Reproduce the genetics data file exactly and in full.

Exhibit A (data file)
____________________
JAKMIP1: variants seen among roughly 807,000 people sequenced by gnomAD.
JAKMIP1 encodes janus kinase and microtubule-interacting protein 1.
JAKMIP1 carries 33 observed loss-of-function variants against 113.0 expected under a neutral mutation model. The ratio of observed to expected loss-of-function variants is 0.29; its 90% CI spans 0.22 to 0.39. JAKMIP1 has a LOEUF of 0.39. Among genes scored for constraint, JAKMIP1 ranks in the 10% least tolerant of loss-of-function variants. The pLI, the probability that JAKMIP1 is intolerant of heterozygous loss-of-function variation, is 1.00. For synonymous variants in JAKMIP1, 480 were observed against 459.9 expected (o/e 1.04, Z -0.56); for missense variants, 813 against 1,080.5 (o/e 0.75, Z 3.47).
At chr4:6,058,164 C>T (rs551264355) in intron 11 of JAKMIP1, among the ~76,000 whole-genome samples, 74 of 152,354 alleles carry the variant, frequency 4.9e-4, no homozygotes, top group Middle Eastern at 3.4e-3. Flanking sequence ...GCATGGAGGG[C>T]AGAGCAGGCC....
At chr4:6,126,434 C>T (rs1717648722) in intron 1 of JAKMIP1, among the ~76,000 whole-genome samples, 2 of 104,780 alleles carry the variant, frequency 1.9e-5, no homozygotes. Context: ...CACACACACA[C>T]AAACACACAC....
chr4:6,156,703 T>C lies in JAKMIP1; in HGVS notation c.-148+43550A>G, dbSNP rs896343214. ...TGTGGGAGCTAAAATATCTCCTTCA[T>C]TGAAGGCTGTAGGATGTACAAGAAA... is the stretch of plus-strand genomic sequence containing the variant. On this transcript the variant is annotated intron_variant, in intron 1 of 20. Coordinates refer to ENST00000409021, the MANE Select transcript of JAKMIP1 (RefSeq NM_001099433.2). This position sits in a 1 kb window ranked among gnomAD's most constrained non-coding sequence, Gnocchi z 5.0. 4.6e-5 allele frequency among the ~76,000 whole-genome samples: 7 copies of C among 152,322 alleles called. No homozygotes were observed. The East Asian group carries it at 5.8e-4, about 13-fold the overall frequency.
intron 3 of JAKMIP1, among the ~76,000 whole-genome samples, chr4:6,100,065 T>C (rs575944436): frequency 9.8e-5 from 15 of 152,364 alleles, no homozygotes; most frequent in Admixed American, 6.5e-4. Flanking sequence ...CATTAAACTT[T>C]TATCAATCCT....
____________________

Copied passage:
JAKMIP1: variants seen among roughly 807,000 people sequenced by gnomAD.
JAKMIP1 encodes janus kinase and microtubule-interacting protein 1.
JAKMIP1 carries 33 observed loss-of-function variants against 113.0 expected under a neutral mutation model. The ratio of observed to expected loss-of-function variants is 0.29; its 90% CI spans 0.22 to 0.39. JAKMIP1 has a LOEUF of 0.39. Among genes scored for constraint, JAKMIP1 ranks in the 10% least tolerant of loss-of-function variants. The pLI, the probability that JAKMIP1 is intolerant of heterozygous loss-of-function variation, is 1.00. For synonymous variants in JAKMIP1, 480 were observed against 459.9 expected (o/e 1.04, Z -0.56); for missense variants, 813 against 1,080.5 (o/e 0.75, Z 3.47).
At chr4:6,058,164 C>T (rs551264355) in intron 11 of JAKMIP1, among the ~76,000 whole-genome samples, 74 of 152,354 alleles carry the variant, frequency 4.9e-4, no homozygotes, top group Middle Eastern at 3.4e-3. Flanking sequence ...GCATGGAGGG[C>T]AGAGCAGGCC....
At chr4:6,126,434 C>T (rs1717648722) in intron 1 of JAKMIP1, among the ~76,000 whole-genome samples, 2 of 104,780 alleles carry the variant, frequency 1.9e-5, no homozygotes. Context: ...CACACACACA[C>T]AAACACACAC....
chr4:6,156,703 T>C lies in JAKMIP1; in HGVS notation c.-148+43550A>G, dbSNP rs896343214. ...TGTGGGAGCTAAAATATCTCCTTCA[T>C]TGAAGGCTGTAGGATGTACAAGAAA... is the stretch of plus-strand genomic sequence containing the variant. On this transcript the variant is annotated intron_variant, in intron 1 of 20. Coordinates refer to ENST00000409021, the MANE Select transcript of JAKMIP1 (RefSeq NM_001099433.2). This position sits in a 1 kb window ranked among gnomAD's most constrained non-coding sequence, Gnocchi z 5.0. 4.6e-5 allele frequency among the ~76,000 whole-genome samples: 7 copies of C among 152,322 alleles called. No homozygotes were observed. The East Asian group carries it at 5.8e-4, about 13-fold the overall frequency.
intron 3 of JAKMIP1, among the ~76,000 whole-genome samples, chr4:6,100,065 T>C (rs575944436): frequency 9.8e-5 from 15 of 152,364 alleles, no homozygotes; most frequent in Admixed American, 6.5e-4. Flanking sequence ...CATTAAACTT[T>C]TATCAATCCT....